Location: 12° 05′ S, 96° 53′ E
Words by: Bryson
Cocos (Keeling) Islands group is an isolated cluster of islands approximately 2000 km due west of Bali, featuring two main atolls: South and North Keeling. The first recorded sighting was by Captain William Keeling of the East Indian Company in 1609, but remained uninhabited until Englishman William Hare arrived in 1825. Hare and John Clunies-Ross were the first two permanent residents of the islands, however due to conflicts between the two, Clunies-Ross was the only resident in 1831, when he was given possession of the atolls by the British Government.
Labourers were brought in from Africa, China, Indonesia, Borneo and Malacca to help develop the coconut plantations in an effort to boost the copra trade. Copra, an export from many island nations, is the dried “meat” of the coconut and is used in many different industries. In 1978, The Australian Government purchased the Clunies-Ross interests in the islands, and on 6 April1984, the Cocos community choose to integrate with Australia.
South Keeling Atoll consists of 26 islands all loosely connected around the edges of a crescent -shaped atoll. Of all the islands, only three are regularly visited; West Island, Home Island and Direction Island. Home Island, the original island where Clunies-Ross lived day-to-day, is now home to the Malay population of the Shire of Cocos and follows a strict Muslim regime of no alcohol or pork. On West Island, is home to the Caucasian Australian Population, where almost everything available in mainland Australia can be found. The third island, Direction Island, is where all yachts are required to anchor is a pristine uninhabited paradise. Startling white coral sand beaches, brilliantly clear water with myriads of tropical fish swimming around the coral gardens just off the beach. Visiting yachties and the Shire have built a barbeque pit, a club house, fresh water tanks and a phone on the island, making it a perfect place to swim to off the boat and relax in the sun, while relaxing after a passage.
North Keeling is a marine reserve situated approximately 24 km north of the South Atoll. Completely uninhabited and with numerous restrictions on visitors, including not allowing boats to even anchor off the island, allows the local fauna, flora and marine life to live completely undisturbed. North Keeling also supports a completely natural forest, is home to thousands of seabirds and is a breeding ground to Green turtles. All in all, a true undisturbed Indian Ocean paradise… except for one thing: These two atolls are downwind and down current from one of the worst polluters on this planet, Indonesia.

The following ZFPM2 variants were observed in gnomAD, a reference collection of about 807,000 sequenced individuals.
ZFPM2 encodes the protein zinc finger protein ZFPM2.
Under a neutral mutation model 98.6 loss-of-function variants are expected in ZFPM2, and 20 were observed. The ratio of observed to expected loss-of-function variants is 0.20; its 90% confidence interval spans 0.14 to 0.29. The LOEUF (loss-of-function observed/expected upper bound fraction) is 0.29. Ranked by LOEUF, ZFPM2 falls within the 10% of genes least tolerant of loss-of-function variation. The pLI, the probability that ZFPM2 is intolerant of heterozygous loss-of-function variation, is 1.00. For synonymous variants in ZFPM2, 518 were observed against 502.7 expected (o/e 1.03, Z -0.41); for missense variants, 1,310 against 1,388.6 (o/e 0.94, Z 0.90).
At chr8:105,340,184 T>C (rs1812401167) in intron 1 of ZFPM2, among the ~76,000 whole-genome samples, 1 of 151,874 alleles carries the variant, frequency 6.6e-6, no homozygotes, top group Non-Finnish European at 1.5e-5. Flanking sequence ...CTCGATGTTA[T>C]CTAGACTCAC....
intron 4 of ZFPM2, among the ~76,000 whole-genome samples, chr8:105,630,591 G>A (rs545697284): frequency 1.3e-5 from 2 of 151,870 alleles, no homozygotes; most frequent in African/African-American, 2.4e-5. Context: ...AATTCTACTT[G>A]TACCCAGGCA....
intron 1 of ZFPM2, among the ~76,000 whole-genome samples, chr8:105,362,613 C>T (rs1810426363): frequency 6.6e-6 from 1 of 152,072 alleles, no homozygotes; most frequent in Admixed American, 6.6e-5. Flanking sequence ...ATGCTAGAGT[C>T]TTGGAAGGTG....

Imagine walking down an absolutely perfect beach and seeing a bright red hermit crab crawling over the white sand beach toward the water, but instead of a shell, it’s home is a used photograph film canister. Such is life in Cocos. The leeward (non-windy) side of the islands are picture perfect but wander over to the windward side and be prepared to find a garbage dump big enough to rival a small town. And remember this island is uninhabited. The SE trade winds which power Khulula and allow us to cross oceans, blow directly from the Indonesian Archipelago to Cocos Keeling. The Equatorial South Indian Current, which runs at 1 – 2 knots, follows exactly the same path.
In parts of Indonesia, the intertidal zone (the area of beach between high and low tide) is the community garbage dump. At low tide, everyone in the village wanders out onto the reef flats and nonchalantly deposits their garbage in this area. As the tide comes up, this garbage is slowly drawn offshore and out of their minds. Out of sight, out of mind. They repeat this procedure until all garbage is removed from village !
The residents of Cocos are the unfortunate recipients of this lack of understanding of natural processes. Their beaches are covered with every imaginable plastic, rubber, mass manufactured piece of JUNK ever produced.
What can they do about it ? Possibly periodically clean up the beaches ? They don’t have the facilities to deal with all of Indonesia’s garbage and the task would be never ending until the problem is solved at the source. The chances of getting the Indonesian government to instituting a country-wide recycling awareness campaign is as likely as China become CO2 neutral country, i.e. no chance. Realistically, they have far more pressing problems like basic health care, sanitary systems and having enough food for dinner each night.
This example is a very graphic demonstration of how our actions can affect people and wildlife far beyond our daily comprehension. We need to begin to think beyond our shores and start to think of the world more as a small community, where every action has a equal and opposite reaction. As an example, Canadian students should to be taught more about the global village and become aware that our neighbours are not only Alaska and the lower 48 states of the US but also Japan, the Philippines, Malaysia, Tahiti, Tonga and all the other nations that we share the Pacific Ocean with. Our actions affect these peoples and their actions affect us. This sort of global geography, not based solely on continental landmasses but also oceans, should be instituted worldwide, because if we cannot visualize the connections we share with each other, how can we persuade people to care ? And that is the first step…